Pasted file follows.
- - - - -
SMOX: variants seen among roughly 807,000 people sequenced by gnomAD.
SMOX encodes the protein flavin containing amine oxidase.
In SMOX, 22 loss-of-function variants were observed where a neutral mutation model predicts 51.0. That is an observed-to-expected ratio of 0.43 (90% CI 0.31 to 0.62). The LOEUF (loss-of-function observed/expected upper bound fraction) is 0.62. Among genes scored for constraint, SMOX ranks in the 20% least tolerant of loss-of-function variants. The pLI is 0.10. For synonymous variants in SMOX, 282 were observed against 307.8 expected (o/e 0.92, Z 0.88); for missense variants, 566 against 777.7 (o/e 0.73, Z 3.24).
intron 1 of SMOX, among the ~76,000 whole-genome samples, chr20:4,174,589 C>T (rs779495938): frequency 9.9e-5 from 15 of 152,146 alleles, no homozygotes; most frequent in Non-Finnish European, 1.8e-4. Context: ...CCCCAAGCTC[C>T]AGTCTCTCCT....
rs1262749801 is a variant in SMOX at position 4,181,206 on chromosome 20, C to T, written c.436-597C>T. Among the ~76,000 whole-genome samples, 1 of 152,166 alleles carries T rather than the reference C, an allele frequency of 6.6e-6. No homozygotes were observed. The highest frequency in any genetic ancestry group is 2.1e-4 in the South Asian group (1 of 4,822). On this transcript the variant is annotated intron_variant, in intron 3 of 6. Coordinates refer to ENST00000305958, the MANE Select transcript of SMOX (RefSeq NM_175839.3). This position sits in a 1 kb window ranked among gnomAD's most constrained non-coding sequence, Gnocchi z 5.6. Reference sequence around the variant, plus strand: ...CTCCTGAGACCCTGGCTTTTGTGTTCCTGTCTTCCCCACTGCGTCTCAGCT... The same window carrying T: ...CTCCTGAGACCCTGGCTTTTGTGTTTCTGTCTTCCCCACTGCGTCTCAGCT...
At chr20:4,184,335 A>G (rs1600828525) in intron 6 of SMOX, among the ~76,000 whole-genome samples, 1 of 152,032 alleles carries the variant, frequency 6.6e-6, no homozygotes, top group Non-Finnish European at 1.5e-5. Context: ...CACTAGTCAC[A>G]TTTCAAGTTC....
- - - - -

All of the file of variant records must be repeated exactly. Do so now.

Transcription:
SMOX: variants seen among roughly 807,000 people sequenced by gnomAD.
SMOX encodes the protein flavin containing amine oxidase.
In SMOX, 22 loss-of-function variants were observed where a neutral mutation model predicts 51.0. That is an observed-to-expected ratio of 0.43 (90% CI 0.31 to 0.62). The LOEUF (loss-of-function observed/expected upper bound fraction) is 0.62. Among genes scored for constraint, SMOX ranks in the 20% least tolerant of loss-of-function variants. The pLI is 0.10. For synonymous variants in SMOX, 282 were observed against 307.8 expected (o/e 0.92, Z 0.88); for missense variants, 566 against 777.7 (o/e 0.73, Z 3.24).
intron 1 of SMOX, among the ~76,000 whole-genome samples, chr20:4,174,589 C>T (rs779495938): frequency 9.9e-5 from 15 of 152,146 alleles, no homozygotes; most frequent in Non-Finnish European, 1.8e-4. Context: ...CCCCAAGCTC[C>T]AGTCTCTCCT....
rs1262749801 is a variant in SMOX at position 4,181,206 on chromosome 20, C to T, written c.436-597C>T. Among the ~76,000 whole-genome samples, 1 of 152,166 alleles carries T rather than the reference C, an allele frequency of 6.6e-6. No homozygotes were observed. The highest frequency in any genetic ancestry group is 2.1e-4 in the South Asian group (1 of 4,822). On this transcript the variant is annotated intron_variant, in intron 3 of 6. Coordinates refer to ENST00000305958, the MANE Select transcript of SMOX (RefSeq NM_175839.3). This position sits in a 1 kb window ranked among gnomAD's most constrained non-coding sequence, Gnocchi z 5.6. Reference sequence around the variant, plus strand: ...CTCCTGAGACCCTGGCTTTTGTGTTCCTGTCTTCCCCACTGCGTCTCAGCT... The same window carrying T: ...CTCCTGAGACCCTGGCTTTTGTGTTTCTGTCTTCCCCACTGCGTCTCAGCT...
At chr20:4,184,335 A>G (rs1600828525) in intron 6 of SMOX, among the ~76,000 whole-genome samples, 1 of 152,032 alleles carries the variant, frequency 6.6e-6, no homozygotes, top group Non-Finnish European at 1.5e-5. Context: ...CACTAGTCAC[A>G]TTTCAAGTTC....